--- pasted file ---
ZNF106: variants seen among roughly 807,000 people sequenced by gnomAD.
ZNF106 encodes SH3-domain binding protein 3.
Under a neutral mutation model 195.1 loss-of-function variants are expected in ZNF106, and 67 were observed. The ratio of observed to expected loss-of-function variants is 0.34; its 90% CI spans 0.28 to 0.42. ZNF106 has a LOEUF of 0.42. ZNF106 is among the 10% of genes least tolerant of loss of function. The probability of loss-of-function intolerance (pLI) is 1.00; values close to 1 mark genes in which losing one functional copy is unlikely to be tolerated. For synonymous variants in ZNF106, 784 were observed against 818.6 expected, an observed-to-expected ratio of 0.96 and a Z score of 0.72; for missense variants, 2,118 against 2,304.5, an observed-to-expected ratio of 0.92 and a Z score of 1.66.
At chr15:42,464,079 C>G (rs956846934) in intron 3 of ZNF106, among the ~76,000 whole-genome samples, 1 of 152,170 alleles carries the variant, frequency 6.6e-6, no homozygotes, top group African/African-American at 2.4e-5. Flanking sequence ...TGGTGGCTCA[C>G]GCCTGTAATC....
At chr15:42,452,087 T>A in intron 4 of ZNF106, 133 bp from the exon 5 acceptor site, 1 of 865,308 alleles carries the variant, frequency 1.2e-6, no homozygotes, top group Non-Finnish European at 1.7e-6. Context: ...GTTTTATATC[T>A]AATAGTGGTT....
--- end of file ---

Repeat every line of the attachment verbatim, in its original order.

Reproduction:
ZNF106: variants seen among roughly 807,000 people sequenced by gnomAD.
ZNF106 encodes SH3-domain binding protein 3.
Under a neutral mutation model 195.1 loss-of-function variants are expected in ZNF106, and 67 were observed. The ratio of observed to expected loss-of-function variants is 0.34; its 90% CI spans 0.28 to 0.42. ZNF106 has a LOEUF of 0.42. ZNF106 is among the 10% of genes least tolerant of loss of function. The probability of loss-of-function intolerance (pLI) is 1.00; values close to 1 mark genes in which losing one functional copy is unlikely to be tolerated. For synonymous variants in ZNF106, 784 were observed against 818.6 expected, an observed-to-expected ratio of 0.96 and a Z score of 0.72; for missense variants, 2,118 against 2,304.5, an observed-to-expected ratio of 0.92 and a Z score of 1.66.
At chr15:42,464,079 C>G (rs956846934) in intron 3 of ZNF106, among the ~76,000 whole-genome samples, 1 of 152,170 alleles carries the variant, frequency 6.6e-6, no homozygotes, top group African/African-American at 2.4e-5. Flanking sequence ...TGGTGGCTCA[C>G]GCCTGTAATC....
At chr15:42,452,087 T>A in intron 4 of ZNF106, 133 bp from the exon 5 acceptor site, 1 of 865,308 alleles carries the variant, frequency 1.2e-6, no homozygotes, top group Non-Finnish European at 1.7e-6. Context: ...GTTTTATATC[T>A]AATAGTGGTT....